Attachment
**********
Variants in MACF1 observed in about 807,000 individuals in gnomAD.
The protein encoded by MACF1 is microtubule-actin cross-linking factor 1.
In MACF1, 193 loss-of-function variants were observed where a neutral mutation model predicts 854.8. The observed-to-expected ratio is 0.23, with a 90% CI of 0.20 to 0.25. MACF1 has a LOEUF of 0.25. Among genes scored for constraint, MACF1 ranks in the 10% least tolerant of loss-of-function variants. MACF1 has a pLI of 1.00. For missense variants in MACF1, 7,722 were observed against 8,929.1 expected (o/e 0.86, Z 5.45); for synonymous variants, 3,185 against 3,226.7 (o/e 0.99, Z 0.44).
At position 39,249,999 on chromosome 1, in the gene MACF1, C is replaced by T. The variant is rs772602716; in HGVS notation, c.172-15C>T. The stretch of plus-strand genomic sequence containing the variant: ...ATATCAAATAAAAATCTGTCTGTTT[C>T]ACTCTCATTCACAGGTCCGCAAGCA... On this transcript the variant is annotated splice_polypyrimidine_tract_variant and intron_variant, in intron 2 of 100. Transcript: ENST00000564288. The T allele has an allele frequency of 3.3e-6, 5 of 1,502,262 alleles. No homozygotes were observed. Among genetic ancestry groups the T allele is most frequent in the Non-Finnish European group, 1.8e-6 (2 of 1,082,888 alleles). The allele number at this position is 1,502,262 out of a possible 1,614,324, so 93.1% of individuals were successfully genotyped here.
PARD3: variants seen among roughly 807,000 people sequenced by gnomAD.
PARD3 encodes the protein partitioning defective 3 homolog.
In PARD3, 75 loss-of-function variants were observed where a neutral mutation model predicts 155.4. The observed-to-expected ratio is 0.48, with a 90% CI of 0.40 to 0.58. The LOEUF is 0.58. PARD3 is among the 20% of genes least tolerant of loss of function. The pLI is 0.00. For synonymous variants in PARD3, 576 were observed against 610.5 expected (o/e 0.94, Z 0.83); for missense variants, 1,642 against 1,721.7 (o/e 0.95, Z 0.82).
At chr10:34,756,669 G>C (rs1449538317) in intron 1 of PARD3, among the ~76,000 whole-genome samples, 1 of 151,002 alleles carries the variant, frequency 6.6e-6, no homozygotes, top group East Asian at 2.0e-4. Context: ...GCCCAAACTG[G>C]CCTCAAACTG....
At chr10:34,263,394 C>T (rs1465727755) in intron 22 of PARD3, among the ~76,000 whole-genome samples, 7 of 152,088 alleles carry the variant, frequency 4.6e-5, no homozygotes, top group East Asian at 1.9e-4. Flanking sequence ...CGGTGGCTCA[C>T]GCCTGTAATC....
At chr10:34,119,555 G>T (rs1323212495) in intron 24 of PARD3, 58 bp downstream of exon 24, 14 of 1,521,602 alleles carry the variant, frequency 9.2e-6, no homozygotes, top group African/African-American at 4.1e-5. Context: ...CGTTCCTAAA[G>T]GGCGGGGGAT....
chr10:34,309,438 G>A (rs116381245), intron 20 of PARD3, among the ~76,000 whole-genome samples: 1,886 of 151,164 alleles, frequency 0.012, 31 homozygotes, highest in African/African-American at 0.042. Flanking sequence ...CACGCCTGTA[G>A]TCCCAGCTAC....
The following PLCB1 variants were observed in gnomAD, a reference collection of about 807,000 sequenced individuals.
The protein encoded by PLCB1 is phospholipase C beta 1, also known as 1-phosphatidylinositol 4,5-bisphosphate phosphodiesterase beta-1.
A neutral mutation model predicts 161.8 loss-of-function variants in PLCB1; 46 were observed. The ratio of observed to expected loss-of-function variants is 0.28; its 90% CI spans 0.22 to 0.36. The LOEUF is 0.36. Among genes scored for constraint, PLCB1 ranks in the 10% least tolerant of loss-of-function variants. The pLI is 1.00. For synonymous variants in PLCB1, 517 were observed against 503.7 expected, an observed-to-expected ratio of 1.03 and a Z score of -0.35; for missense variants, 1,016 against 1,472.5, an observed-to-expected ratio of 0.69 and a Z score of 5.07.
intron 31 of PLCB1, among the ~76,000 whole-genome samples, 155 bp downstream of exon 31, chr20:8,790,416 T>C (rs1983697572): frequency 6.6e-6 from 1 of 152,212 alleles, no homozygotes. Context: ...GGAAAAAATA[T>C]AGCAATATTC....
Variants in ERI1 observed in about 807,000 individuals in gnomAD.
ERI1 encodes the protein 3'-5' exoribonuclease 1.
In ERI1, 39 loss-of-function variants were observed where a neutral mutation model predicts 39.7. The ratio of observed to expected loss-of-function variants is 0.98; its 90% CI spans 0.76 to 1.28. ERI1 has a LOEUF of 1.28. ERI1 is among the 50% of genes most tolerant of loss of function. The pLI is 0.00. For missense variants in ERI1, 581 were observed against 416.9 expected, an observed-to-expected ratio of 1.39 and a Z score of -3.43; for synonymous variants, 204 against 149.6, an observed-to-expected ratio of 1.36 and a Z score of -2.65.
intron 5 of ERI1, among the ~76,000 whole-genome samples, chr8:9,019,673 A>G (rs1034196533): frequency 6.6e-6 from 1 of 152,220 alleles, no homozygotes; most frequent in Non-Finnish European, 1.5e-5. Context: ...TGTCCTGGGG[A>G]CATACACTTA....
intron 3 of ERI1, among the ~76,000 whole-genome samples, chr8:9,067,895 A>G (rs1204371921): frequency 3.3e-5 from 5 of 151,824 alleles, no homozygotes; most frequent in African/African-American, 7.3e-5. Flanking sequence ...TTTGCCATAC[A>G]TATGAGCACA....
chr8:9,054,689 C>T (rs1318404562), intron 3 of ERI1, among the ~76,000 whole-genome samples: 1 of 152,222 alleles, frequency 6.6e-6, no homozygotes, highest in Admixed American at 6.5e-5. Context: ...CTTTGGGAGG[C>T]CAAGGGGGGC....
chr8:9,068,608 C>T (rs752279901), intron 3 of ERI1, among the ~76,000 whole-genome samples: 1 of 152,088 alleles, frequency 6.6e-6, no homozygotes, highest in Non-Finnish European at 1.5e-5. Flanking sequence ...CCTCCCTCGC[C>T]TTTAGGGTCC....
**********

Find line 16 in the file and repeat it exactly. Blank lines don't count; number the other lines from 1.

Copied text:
Variants in ERI1 observed in about 807,000 individuals in gnomAD.